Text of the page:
Never try to lance a boil yourself
Recently I’ve had quite a few people complain to me that they have an annoying boil. I went for decades without experiencing one but in the past few years have had one or two. I attributed it to me getting too hot and my skin not being able to breathe. In one sense that is true but I discovered the real culprit is bacteria -more precisely it’s Staphylococcus aureus.
Staph bacteria live on the surface of our skin. They don’t pose a problem there but they do when they get inside the body. And that can be an easy feat for them. A cut or scrape on the skin provides them ready access to get under our skin, into the bloodstream and cause infection.
When they infect a hair follicle or a few hair follicles, a boil may appear. The boil is the result of the body’s natural defence response to the infection. When staph bacteria infect a hair follicle, specialised white blood cells called neutrophils rush to the site to fight them off. This action leads to inflammation. The skin usually becomes a raised red lump. It can be painful and when it isn’t the area is often tender if touched.
As the work of the neutrophils progresses, pus — a mixture of old white blood cells, bacteria and dead skin cells, forms under the skin. At this stage it is often tempting to simply squeeze the pus out. Doing so usually alleviates the pain but can also cause the infection to spread if not done carefully.
Boils become pus filled quickly and the longer they are left, the larger they become until eventually they rupture and drain.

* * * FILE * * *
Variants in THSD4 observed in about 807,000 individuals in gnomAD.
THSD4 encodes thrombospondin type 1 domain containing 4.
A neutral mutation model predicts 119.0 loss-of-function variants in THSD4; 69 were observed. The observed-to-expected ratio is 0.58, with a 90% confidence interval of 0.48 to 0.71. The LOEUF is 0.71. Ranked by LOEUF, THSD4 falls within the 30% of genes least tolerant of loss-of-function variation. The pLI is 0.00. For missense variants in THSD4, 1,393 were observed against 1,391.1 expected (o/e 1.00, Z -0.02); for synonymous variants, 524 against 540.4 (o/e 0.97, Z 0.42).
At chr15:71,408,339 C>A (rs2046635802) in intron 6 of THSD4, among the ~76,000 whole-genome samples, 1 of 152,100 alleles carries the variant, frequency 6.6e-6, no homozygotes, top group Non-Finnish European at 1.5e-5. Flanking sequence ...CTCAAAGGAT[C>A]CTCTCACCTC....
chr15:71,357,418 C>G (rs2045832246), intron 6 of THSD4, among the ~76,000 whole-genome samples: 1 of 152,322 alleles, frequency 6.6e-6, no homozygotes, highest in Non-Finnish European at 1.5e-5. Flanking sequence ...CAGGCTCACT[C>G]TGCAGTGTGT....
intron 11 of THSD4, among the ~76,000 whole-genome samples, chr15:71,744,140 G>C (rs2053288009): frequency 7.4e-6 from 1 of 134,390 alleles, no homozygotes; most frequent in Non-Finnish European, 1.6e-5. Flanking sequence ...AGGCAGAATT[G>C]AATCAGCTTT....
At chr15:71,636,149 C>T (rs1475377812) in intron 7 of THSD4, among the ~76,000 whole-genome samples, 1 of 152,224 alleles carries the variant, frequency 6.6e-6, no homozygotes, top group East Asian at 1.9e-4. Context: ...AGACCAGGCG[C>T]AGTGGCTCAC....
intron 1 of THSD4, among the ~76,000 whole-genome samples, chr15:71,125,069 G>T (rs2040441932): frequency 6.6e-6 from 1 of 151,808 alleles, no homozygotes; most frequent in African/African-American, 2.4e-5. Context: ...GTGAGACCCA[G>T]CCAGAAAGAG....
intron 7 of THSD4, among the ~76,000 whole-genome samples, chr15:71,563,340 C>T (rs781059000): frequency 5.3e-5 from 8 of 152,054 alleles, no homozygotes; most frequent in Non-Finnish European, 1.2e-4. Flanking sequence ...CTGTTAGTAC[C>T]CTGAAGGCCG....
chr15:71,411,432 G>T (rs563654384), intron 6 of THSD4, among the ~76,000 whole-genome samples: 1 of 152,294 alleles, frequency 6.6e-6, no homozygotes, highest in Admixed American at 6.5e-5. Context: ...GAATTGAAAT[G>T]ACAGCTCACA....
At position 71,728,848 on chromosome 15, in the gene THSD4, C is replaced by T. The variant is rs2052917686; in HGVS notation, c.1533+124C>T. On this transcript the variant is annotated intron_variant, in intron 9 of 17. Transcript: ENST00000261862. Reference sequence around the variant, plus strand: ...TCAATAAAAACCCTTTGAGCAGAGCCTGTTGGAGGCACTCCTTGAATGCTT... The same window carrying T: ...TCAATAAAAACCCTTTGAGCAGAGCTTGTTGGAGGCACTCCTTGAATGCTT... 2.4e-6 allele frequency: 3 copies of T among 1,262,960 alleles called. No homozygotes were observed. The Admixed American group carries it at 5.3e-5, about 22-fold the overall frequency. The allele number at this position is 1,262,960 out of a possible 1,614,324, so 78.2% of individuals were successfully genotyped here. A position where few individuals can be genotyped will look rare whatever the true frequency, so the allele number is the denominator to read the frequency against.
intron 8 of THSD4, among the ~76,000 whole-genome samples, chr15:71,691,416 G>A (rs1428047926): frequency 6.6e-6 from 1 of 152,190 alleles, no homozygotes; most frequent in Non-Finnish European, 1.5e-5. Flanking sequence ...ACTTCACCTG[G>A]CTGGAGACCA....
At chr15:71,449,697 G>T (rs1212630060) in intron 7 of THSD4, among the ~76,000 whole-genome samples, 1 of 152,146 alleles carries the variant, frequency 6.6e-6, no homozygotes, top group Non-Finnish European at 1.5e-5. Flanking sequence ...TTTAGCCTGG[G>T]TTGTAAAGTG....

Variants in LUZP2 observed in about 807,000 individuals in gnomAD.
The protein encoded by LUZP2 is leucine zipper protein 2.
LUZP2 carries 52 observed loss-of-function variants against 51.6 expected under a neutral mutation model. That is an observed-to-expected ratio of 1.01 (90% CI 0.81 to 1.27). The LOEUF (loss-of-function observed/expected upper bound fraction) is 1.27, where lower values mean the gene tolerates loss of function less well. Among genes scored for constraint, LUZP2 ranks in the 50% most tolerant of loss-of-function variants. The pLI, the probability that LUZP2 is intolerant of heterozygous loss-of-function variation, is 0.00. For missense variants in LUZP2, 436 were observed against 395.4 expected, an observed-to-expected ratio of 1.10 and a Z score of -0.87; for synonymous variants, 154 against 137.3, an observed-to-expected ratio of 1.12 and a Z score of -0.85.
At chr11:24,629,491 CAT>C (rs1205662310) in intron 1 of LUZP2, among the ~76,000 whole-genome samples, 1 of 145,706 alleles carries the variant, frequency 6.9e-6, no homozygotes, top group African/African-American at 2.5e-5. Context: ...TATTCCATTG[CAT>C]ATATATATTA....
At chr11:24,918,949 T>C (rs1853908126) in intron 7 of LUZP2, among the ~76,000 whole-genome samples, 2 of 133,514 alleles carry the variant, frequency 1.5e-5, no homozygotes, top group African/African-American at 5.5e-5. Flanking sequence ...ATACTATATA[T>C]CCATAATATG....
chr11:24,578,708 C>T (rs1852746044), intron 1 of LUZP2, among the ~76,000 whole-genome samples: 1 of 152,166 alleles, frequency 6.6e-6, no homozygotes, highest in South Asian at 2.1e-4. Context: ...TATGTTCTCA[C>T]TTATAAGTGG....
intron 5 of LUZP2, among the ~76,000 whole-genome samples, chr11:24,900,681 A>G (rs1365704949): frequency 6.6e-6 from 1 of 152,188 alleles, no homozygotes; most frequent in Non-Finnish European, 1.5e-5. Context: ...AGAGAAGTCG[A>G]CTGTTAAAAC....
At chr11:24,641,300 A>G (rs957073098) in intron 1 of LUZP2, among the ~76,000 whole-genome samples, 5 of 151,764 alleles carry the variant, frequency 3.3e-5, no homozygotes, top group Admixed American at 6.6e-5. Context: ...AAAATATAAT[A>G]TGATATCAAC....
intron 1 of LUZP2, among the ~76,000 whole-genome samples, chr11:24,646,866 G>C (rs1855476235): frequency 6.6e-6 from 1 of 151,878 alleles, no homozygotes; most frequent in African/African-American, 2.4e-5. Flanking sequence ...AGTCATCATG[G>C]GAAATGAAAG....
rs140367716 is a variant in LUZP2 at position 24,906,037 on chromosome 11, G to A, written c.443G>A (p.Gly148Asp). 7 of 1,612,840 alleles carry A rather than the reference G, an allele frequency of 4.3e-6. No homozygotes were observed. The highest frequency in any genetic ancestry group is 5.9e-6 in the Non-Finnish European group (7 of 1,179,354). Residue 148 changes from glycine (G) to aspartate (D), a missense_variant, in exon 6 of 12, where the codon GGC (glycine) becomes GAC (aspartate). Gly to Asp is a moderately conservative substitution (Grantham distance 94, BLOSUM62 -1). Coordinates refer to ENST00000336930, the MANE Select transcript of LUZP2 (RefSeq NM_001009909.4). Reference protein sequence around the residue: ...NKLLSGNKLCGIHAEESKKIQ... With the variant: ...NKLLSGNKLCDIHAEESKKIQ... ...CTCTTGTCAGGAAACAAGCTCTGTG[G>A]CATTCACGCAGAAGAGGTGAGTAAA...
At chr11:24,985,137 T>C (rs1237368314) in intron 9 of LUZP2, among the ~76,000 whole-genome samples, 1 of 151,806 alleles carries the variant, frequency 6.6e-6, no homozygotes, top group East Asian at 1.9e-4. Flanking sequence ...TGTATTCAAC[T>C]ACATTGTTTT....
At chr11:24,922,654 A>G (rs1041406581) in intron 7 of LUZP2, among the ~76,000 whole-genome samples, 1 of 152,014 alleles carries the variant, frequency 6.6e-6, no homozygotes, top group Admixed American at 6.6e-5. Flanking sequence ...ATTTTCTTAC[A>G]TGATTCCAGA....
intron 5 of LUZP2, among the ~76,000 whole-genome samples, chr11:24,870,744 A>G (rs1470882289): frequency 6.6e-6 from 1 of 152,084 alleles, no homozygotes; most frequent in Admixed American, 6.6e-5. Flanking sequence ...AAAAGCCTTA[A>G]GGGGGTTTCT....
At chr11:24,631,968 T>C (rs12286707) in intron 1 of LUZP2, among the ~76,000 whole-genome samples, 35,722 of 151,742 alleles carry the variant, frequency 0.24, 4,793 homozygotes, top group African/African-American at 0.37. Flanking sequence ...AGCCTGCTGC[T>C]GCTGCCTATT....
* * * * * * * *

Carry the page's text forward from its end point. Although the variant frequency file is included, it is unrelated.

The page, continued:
You can usually care for a single boil at home, but should call your doctor if it is extremely painful, lasts longer than two weeks or occurs with a fever.
A carbuncle is a group of boils and often requires medical attention as the infection goes deeper. They develop and heal more slowly than boils and usually leave a scar. Symptoms tend to be more severe than with a single boil and can include a general unwell feeling, chills and fever.
Because they are essentially an infection of the hair follicle, boils develop in the hairy areas of the body. Areas prone to sweat and/or friction, like the armpits, thighs groin and buttocks are the most common sites but they also form on the face and neck.
While healthy people can develop a boil, the following factors can make you more susceptible: skin problems like eczema and acne where the protective barrier of the skin is compromised; direct contact with another person’s boil; low immunity, MRSA and blood poisoning — where bacteria from your boil gets into your bloodstream and causes infection elsewhere in your body. This is called sepsis and can be serious causing conditions like endocarditis (infection of the heart) and osteomyelitis (bone infection). Sepsis can lead to septic shock where the body’s blood pressure becomes so low that it can cause death.
Although it’s possible that a boil could lead to death, most times it’s easy to treat small ones at home without the aid of a physician. Applying a warm compress to the boil often relieves the pain and promotes the natural drainage process. A compress soaked in warm salted water will help the boil to rupture more quickly. Apply the compress to the affected area for at least ten minutes every few hours.
It is important to wash your hands thoroughly and launder clothing, compresses and other items that have come into contact with the infected area.
If you are not allergic, tea tree oil may help treat a boil and can also be added to the water used to wash infected articles. Tea tree oil has antiseptic, antibiotic and antifungal properties.
If you have a large boil or a carbuncle, you may need a doctor to treat the problem. You should never try to lance a boil yourself, as this is likely to spread the infection. If the infection is deep your physician may have to pack the area with sterile gauze so that all the pus can drain out.